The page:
So you decided to get a puppy, pet or foster during this Pandemic? What now?
First, let me say Congratulations! This is always an exciting time for families!
It is proven that pets give us comfort, reduce stress and can help with anxiety so getting a pet at this time can have many benefits! It is always recommended that you give a new pet time to adjust and decompress to their new surroundings so new pets will benefit from being kept in familiar situations and around the same familiar people and routine. You and your family will have extra time for frequent potty breaks, walks and basic training skills, so this may be the ideal time for many!
There will be some challenges however, so let's address a few:
Socialization for 7-16 week old puppies is critical to behavior & training.
This time period for puppies is called "The Imprint Period". It is important to socialize your puppy to help prevent fear, anxiety and possible aggression in the future. Socialization should be on the top of your mind right now. We recommend actively exposing your puppy to new sounds, smells, and experiences. Use positive reinforcements and "happy" voices when your dog experiences something new.
What can you do during this pandemic? Go for walks & let them smell new things. Take your puppy out on a leash if you know when the mail person or delivery vehicle will be passing by. Give them treats to get used to the particular vehicle noise and teach them it's an "okay thing" (kids on bikes or skateboards are essentially the same thing, but keep a greater distance. These can be scary with loud abrupt noises that can often frighten the puppies.) Keeping your social distance from all people is obviously a priority in these situations. If you pass others walking, reward your dog/puppy as soon as you recognize they see them. Taking them on car rides and rewarding good behavior in a vehicle will help them to be better car riders in the future. Get them used to wearing a restraint while riding as well. Seat belts, even for dogs, saves lives! Short car rides now will be very beneficial later!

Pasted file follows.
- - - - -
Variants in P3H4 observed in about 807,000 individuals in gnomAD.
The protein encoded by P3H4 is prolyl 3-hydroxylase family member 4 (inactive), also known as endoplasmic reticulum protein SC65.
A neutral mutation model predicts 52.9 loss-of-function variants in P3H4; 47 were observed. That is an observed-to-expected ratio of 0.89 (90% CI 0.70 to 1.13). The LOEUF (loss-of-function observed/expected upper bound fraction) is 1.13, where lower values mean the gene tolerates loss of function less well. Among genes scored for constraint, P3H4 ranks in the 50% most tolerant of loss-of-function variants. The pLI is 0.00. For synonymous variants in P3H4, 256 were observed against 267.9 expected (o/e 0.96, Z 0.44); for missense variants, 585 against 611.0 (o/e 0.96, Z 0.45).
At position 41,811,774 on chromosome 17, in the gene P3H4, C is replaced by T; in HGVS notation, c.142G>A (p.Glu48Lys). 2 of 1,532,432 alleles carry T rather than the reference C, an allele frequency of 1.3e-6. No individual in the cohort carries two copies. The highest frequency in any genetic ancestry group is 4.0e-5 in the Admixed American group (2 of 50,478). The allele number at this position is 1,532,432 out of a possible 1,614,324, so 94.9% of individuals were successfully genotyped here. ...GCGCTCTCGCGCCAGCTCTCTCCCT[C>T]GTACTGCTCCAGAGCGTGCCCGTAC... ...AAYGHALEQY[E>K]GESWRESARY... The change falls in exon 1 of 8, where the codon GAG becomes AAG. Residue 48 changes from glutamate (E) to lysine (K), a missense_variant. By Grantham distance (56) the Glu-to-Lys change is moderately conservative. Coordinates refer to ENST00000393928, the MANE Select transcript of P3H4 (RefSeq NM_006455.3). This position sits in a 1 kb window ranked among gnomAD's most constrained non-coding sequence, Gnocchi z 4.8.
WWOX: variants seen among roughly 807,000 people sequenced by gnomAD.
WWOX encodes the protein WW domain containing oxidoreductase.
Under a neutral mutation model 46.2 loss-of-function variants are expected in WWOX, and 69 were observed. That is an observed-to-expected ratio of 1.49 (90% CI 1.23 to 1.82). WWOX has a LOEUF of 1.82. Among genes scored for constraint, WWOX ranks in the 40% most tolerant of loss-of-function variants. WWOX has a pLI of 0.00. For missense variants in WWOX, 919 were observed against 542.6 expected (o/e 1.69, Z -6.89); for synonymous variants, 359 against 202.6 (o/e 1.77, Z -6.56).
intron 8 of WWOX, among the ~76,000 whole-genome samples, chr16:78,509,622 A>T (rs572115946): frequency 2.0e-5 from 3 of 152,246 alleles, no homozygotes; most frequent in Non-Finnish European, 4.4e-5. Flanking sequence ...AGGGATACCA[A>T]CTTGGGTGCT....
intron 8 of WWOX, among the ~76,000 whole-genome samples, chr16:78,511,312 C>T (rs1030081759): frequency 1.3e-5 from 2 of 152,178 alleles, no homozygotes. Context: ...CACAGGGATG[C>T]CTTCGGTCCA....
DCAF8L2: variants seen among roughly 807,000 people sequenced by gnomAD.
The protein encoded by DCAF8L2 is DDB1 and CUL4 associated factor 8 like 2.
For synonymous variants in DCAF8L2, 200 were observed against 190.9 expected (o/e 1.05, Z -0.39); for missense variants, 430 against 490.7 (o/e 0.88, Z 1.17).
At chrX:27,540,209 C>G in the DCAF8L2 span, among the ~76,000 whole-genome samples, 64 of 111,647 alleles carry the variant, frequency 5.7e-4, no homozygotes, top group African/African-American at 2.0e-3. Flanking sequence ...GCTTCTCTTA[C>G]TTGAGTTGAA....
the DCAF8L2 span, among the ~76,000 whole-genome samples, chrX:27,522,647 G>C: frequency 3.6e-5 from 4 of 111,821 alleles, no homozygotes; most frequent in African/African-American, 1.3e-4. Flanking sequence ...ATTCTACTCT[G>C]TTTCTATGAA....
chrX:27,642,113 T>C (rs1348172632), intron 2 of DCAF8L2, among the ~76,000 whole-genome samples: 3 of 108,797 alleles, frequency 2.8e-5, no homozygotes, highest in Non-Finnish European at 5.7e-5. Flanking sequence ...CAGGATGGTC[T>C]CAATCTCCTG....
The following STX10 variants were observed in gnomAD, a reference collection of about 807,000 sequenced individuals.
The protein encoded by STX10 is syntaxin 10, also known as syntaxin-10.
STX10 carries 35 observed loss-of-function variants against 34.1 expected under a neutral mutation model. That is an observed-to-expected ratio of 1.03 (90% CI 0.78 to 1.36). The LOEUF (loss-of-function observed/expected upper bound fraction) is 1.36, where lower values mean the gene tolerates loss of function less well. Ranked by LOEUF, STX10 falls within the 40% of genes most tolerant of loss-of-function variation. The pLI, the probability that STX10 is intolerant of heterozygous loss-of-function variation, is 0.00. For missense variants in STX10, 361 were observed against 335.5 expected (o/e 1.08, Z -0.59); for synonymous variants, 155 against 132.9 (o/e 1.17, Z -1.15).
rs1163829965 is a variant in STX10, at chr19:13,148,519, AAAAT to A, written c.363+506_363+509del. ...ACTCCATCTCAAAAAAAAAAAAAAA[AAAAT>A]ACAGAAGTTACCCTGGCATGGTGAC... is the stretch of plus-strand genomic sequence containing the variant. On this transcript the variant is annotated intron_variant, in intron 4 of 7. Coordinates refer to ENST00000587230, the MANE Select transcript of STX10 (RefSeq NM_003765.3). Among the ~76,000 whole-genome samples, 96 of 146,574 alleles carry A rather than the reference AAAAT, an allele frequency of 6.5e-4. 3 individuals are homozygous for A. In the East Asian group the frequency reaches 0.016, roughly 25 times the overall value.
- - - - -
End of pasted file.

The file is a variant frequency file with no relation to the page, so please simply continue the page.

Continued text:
If you've adopted or are fostering a dog, socialization is also important and the decompression/adjustment is vital. Remember to go slow - at the dog's pace - of what they are comfortable with and ALWAYS use positive rewards & praise. Having a safe place, like a back yard can be a great place to start. Help them become comfortable, less stressed and ultimately safe in everyday life! Helping to facilitate a relationship with your dog or foster dog that is easy and low-stress is the ultimate goal! We are offering a puppy playgroup once a week on Fridays 11am-1pm, call us with any questions!
Many professional trainers are consulting via phone calls or skype so you don't have to go it alone - ask for help if you need it!
PREVENTING SEPARATION ANXIETY
While everyone is at home right now, chances are you don't need to leave your puppy or dog alone. Be aware they are at a higher risk of developing separation anxiety if they are never left alone. So during this time you'll need to create situations that teach your puppy/dog being left alone can be pretty great! Set your puppy up in a special place or crate. Leave them with interactive toys and chews while you work in a separate area daily, if only for short periods of time. Even though it's not easy right now, you'll need to leave the house while working on preventing separation anxiety because your puppy's nose knows you're still near! Try to run an errand, do a small project outside or take a drive around the block. Providing something for your puppy to occupy and soothe themselves is key. Try freezing your puppy's food in a Kong toy with some water or broth (plug the hole in the top!) or frozen marrow bone are options. The Kong website has recipes you can fill your Kong with, click here for ideas! Do some research, come up with something your dog loves! Find something that will keep them busy, happy and occupied so they don't miss you. Short periods of time are always recommended at first. Check out this video on YouTube!
Creating a space for your puppy/dog to go for breaks & to feel safe and protected if great! Even though you may not have a need to crate your puppy/dog currently, what happens when you need to return to work/school? Where would the puppy be left for that time? Many puppies love having a "house" (aka crate) to retreat to when tired or to remove themselves from situations they are not comfortable with. Providing a crate that is cozy, calming and safe is recommended. They have many options available so purchase one that suits your dog's/home's needs. Guiding your dog to love the space is essential and should not be used as a form of punishment. Give them treats when they go in (give treats through the back of the crate or top of the crate while the puppy goes in and the door is open) or feed them their meals while in their crate with the door open. Making it a positive experience is key to them loving it and wanting to be in it!
That's a lot to think about and incorporate in your day if you're like everyone else trying to juggle this strange new situation! We are here to help if you need us! We are open for day school and we are providing puppy playtimes on Fridays and Saturdays for puppies 7-16 weeks old. If you have a puppy or dog older than 16 weeks they could be part of our Day School program. We are able to have your dog in for their first day evaluation and then enroll them in our program! Give us a call to hear all the details: 410-647-6516